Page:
the basics of data privacy

Chapter 2
What is Data Retention?
Data retention is the name for all of the work that an organization does to figure out what data it must keep (and for how long), and what data it can or should delete. Early efforts and regulations were often about retaining data for specific periods of time. However, as the costs of data storage have plummeted and data privacy regulations and data breach concerns have grown, much of the effort is now focused on deleting data to comply with these regulations and minimize data risks.

Why is Data Retention Important?

Domestic, international, and industry-specific regulations often require that certain data be stored for a set period of time. Organizations that do not have up-to-date data retention standards are at risk of violating regulations. Most organizations are familiar with regulations that demand retaining information; tax records, workplace safety reports, and Fair Hiring practices all require historical recordkeeping, for example. Public concern over data privacy, and the resulting regulations—combined with increased risk of data breaches and subsequent litigation—have raised awareness of data deletion practices. Organizations without a clearly-defined and enforced deletion policy find themselves over-retaining data, leaving them severely at risk.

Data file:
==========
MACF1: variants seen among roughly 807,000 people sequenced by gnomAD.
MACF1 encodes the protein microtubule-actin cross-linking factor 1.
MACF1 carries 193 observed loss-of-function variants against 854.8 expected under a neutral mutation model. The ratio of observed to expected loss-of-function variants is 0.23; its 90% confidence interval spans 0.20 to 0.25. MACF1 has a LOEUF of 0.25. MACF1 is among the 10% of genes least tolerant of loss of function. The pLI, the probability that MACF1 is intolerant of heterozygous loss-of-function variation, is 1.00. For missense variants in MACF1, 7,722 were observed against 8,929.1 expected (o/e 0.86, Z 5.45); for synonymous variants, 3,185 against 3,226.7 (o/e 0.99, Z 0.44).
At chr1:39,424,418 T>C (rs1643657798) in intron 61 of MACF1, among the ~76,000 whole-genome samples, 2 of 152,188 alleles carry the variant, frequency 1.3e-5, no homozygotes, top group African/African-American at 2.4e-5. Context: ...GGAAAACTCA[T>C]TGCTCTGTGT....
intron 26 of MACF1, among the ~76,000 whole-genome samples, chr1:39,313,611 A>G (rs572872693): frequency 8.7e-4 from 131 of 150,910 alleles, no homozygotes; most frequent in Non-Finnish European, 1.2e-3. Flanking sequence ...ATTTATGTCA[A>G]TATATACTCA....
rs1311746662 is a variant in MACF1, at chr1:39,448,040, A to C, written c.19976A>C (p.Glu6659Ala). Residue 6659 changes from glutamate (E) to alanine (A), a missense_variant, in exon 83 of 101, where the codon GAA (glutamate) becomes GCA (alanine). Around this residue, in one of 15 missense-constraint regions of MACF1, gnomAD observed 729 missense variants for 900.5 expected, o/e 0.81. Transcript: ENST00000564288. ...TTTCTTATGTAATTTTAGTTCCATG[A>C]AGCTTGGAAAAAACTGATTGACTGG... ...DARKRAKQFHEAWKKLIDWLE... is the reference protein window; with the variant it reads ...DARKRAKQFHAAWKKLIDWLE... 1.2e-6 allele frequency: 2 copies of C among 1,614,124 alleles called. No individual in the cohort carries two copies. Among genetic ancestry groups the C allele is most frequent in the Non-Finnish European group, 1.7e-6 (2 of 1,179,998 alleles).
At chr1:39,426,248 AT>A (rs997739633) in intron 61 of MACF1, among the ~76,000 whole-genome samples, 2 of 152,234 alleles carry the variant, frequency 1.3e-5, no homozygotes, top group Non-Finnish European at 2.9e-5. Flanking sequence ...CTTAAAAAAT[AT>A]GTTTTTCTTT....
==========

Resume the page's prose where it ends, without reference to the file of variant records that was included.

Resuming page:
Fox vs. Dakkota Integrated Systems recently found that just the act of keeping unnecessary biometric data is a privacy violation. Data privacy regulations (the EU’s General Data Protection Regulation (GDPR) and California Privacy Rights Act (CPRA), for example) expressly state that sensitive consumer data that no longer has a specific business purpose must be deleted. Therefore, it’s important that companies ensure their retention standards are up-to-date and they have an automated and repeatable process for deleting data when risk outweighs value

A great deal has been made of the potential value in keeping large quantities of data, but much of the data held doesn’t have much of a business use. It’s what’s known as ROT: redundant, obsolete, or trivial data. Removing this data is consistent with the principle of data minimization. This principle, which is part of GDPR and other privacy regulations, says that organizations should only collect data relevant and necessary for the purpose for which it is processed, and that they should dispose of it when that purpose is fulfilled.

  • Data you don’t have can’t be breached